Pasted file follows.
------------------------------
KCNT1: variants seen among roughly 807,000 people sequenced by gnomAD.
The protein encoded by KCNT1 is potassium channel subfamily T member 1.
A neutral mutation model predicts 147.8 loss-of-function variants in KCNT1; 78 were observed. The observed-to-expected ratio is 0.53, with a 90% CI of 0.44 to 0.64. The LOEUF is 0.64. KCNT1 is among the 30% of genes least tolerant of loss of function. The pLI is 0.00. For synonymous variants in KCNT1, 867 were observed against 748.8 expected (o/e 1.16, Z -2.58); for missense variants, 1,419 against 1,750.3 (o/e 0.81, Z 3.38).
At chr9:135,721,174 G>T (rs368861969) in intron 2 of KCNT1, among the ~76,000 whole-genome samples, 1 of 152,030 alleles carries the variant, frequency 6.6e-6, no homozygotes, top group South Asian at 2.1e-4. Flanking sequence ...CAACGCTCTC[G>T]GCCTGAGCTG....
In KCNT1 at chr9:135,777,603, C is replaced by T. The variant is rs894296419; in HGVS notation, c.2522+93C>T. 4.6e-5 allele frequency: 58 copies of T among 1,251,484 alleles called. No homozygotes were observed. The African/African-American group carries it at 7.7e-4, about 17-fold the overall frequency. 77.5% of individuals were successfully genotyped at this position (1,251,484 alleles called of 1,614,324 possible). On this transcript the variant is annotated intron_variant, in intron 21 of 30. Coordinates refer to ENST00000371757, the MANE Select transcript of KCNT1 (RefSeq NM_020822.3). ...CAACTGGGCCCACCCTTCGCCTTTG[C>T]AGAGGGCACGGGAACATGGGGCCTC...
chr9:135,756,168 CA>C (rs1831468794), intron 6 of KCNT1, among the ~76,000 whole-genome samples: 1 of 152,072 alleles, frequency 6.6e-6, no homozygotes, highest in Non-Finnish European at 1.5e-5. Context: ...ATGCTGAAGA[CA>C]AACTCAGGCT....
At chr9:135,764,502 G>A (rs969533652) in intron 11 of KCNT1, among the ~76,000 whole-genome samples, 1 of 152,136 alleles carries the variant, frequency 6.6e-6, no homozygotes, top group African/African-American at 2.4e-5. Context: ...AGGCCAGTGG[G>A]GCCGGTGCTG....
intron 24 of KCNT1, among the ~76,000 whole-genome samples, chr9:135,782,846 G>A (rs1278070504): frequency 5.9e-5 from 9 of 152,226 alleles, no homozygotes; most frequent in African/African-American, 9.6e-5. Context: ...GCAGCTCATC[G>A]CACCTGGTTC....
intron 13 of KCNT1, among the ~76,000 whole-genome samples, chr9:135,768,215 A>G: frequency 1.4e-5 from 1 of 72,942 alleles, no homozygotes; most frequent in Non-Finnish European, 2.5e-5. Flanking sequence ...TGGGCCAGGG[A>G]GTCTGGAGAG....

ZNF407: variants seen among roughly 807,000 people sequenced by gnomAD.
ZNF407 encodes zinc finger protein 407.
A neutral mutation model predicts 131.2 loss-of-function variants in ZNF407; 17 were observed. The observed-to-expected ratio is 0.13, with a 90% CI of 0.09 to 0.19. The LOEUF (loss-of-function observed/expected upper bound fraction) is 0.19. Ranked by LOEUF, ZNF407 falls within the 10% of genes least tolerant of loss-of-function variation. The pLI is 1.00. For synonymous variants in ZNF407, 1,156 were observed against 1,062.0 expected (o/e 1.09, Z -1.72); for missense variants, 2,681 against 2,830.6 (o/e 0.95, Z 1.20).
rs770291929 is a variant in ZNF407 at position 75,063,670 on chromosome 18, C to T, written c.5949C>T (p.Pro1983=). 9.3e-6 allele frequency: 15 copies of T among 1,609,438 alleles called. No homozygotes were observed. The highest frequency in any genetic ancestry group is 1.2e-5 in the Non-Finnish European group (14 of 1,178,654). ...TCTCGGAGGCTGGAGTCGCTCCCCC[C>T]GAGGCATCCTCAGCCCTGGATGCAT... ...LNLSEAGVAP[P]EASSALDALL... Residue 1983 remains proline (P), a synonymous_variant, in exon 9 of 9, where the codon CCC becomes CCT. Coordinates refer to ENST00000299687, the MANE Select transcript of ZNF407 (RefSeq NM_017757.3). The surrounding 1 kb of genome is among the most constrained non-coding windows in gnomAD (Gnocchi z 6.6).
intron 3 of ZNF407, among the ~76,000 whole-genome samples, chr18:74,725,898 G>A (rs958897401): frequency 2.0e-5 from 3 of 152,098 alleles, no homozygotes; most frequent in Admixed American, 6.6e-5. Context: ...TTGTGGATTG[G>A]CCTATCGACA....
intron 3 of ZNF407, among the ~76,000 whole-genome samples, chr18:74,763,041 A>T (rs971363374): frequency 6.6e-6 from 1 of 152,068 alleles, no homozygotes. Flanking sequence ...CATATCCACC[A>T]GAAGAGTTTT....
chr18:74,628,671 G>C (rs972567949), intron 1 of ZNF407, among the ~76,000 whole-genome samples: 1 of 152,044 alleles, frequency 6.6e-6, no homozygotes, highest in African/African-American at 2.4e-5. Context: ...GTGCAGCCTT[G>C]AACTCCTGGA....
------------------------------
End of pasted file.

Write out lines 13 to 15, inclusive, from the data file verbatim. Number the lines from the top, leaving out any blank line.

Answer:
rs770291929 is a variant in ZNF407 at position 75,063,670 on chromosome 18, C to T, written c.5949C>T (p.Pro1983=). 9.3e-6 allele frequency: 15 copies of T among 1,609,438 alleles called. No homozygotes were observed. The highest frequency in any genetic ancestry group is 1.2e-5 in the Non-Finnish European group (14 of 1,178,654). ...TCTCGGAGGCTGGAGTCGCTCCCCC[C>T]GAGGCATCCTCAGCCCTGGATGCAT... ...LNLSEAGVAP[P]EASSALDALL... Residue 1983 remains proline (P), a synonymous_variant, in exon 9 of 9, where the codon CCC becomes CCT. Coordinates refer to ENST00000299687, the MANE Select transcript of ZNF407 (RefSeq NM_017757.3). The surrounding 1 kb of genome is among the most constrained non-coding windows in gnomAD (Gnocchi z 6.6).
intron 3 of ZNF407, among the ~76,000 whole-genome samples, chr18:74,725,898 G>A (rs958897401): frequency 2.0e-5 from 3 of 152,098 alleles, no homozygotes; most frequent in Admixed American, 6.6e-5. Context: ...TTGTGGATTG[G>A]CCTATCGACA....
intron 3 of ZNF407, among the ~76,000 whole-genome samples, chr18:74,763,041 A>T (rs971363374): frequency 6.6e-6 from 1 of 152,068 alleles, no homozygotes. Flanking sequence ...CATATCCACC[A>T]GAAGAGTTTT....